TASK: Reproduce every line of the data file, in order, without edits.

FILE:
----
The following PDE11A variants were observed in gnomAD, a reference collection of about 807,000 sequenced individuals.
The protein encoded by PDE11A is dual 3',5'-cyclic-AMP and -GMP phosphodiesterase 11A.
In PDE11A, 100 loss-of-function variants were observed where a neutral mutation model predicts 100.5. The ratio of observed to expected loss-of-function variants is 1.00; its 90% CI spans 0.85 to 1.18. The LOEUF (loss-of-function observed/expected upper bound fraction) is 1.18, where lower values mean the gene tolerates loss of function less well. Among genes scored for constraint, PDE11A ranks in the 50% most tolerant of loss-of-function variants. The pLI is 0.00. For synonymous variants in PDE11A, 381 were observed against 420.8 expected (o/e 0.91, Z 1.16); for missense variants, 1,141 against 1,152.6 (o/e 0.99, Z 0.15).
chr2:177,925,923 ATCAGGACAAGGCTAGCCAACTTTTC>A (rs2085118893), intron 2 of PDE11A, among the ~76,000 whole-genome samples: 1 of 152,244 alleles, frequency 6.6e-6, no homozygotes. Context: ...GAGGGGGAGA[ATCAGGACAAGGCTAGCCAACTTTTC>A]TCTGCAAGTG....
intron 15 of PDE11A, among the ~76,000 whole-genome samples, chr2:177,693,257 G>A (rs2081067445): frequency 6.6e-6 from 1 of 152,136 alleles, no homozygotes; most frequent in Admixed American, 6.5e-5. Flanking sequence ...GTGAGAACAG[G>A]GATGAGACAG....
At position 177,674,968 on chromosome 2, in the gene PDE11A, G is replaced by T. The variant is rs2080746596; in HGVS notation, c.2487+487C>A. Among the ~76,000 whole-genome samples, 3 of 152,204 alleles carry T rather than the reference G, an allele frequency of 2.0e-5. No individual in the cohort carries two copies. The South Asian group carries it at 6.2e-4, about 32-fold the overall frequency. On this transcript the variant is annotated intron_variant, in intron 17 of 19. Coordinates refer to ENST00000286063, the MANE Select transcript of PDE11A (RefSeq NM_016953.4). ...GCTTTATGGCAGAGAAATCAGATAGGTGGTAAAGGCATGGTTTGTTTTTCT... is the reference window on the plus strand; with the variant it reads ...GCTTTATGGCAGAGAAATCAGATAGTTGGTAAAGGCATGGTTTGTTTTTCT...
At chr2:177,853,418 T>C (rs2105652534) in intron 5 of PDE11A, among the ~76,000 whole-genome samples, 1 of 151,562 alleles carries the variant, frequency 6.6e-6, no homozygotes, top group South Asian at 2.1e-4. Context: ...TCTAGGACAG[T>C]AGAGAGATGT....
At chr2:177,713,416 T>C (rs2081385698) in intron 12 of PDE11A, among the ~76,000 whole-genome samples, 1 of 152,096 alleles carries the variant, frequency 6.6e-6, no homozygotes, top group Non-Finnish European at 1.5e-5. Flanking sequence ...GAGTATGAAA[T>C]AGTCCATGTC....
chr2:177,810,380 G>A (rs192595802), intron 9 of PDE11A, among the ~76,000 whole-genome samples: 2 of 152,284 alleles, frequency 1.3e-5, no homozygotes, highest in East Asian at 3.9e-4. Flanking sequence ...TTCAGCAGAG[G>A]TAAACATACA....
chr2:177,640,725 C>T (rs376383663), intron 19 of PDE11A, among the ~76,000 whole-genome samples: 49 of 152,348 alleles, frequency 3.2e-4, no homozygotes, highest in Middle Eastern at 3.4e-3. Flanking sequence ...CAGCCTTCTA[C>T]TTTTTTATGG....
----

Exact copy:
The following PDE11A variants were observed in gnomAD, a reference collection of about 807,000 sequenced individuals.
The protein encoded by PDE11A is dual 3',5'-cyclic-AMP and -GMP phosphodiesterase 11A.
In PDE11A, 100 loss-of-function variants were observed where a neutral mutation model predicts 100.5. The ratio of observed to expected loss-of-function variants is 1.00; its 90% CI spans 0.85 to 1.18. The LOEUF (loss-of-function observed/expected upper bound fraction) is 1.18, where lower values mean the gene tolerates loss of function less well. Among genes scored for constraint, PDE11A ranks in the 50% most tolerant of loss-of-function variants. The pLI is 0.00. For synonymous variants in PDE11A, 381 were observed against 420.8 expected (o/e 0.91, Z 1.16); for missense variants, 1,141 against 1,152.6 (o/e 0.99, Z 0.15).
chr2:177,925,923 ATCAGGACAAGGCTAGCCAACTTTTC>A (rs2085118893), intron 2 of PDE11A, among the ~76,000 whole-genome samples: 1 of 152,244 alleles, frequency 6.6e-6, no homozygotes. Context: ...GAGGGGGAGA[ATCAGGACAAGGCTAGCCAACTTTTC>A]TCTGCAAGTG....
intron 15 of PDE11A, among the ~76,000 whole-genome samples, chr2:177,693,257 G>A (rs2081067445): frequency 6.6e-6 from 1 of 152,136 alleles, no homozygotes; most frequent in Admixed American, 6.5e-5. Flanking sequence ...GTGAGAACAG[G>A]GATGAGACAG....
At position 177,674,968 on chromosome 2, in the gene PDE11A, G is replaced by T. The variant is rs2080746596; in HGVS notation, c.2487+487C>A. Among the ~76,000 whole-genome samples, 3 of 152,204 alleles carry T rather than the reference G, an allele frequency of 2.0e-5. No individual in the cohort carries two copies. The South Asian group carries it at 6.2e-4, about 32-fold the overall frequency. On this transcript the variant is annotated intron_variant, in intron 17 of 19. Coordinates refer to ENST00000286063, the MANE Select transcript of PDE11A (RefSeq NM_016953.4). ...GCTTTATGGCAGAGAAATCAGATAGGTGGTAAAGGCATGGTTTGTTTTTCT... is the reference window on the plus strand; with the variant it reads ...GCTTTATGGCAGAGAAATCAGATAGTTGGTAAAGGCATGGTTTGTTTTTCT...
At chr2:177,853,418 T>C (rs2105652534) in intron 5 of PDE11A, among the ~76,000 whole-genome samples, 1 of 151,562 alleles carries the variant, frequency 6.6e-6, no homozygotes, top group South Asian at 2.1e-4. Context: ...TCTAGGACAG[T>C]AGAGAGATGT....
At chr2:177,713,416 T>C (rs2081385698) in intron 12 of PDE11A, among the ~76,000 whole-genome samples, 1 of 152,096 alleles carries the variant, frequency 6.6e-6, no homozygotes, top group Non-Finnish European at 1.5e-5. Flanking sequence ...GAGTATGAAA[T>C]AGTCCATGTC....
chr2:177,810,380 G>A (rs192595802), intron 9 of PDE11A, among the ~76,000 whole-genome samples: 2 of 152,284 alleles, frequency 1.3e-5, no homozygotes, highest in East Asian at 3.9e-4. Flanking sequence ...TTCAGCAGAG[G>A]TAAACATACA....
chr2:177,640,725 C>T (rs376383663), intron 19 of PDE11A, among the ~76,000 whole-genome samples: 49 of 152,348 alleles, frequency 3.2e-4, no homozygotes, highest in Middle Eastern at 3.4e-3. Flanking sequence ...CAGCCTTCTA[C>T]TTTTTTATGG....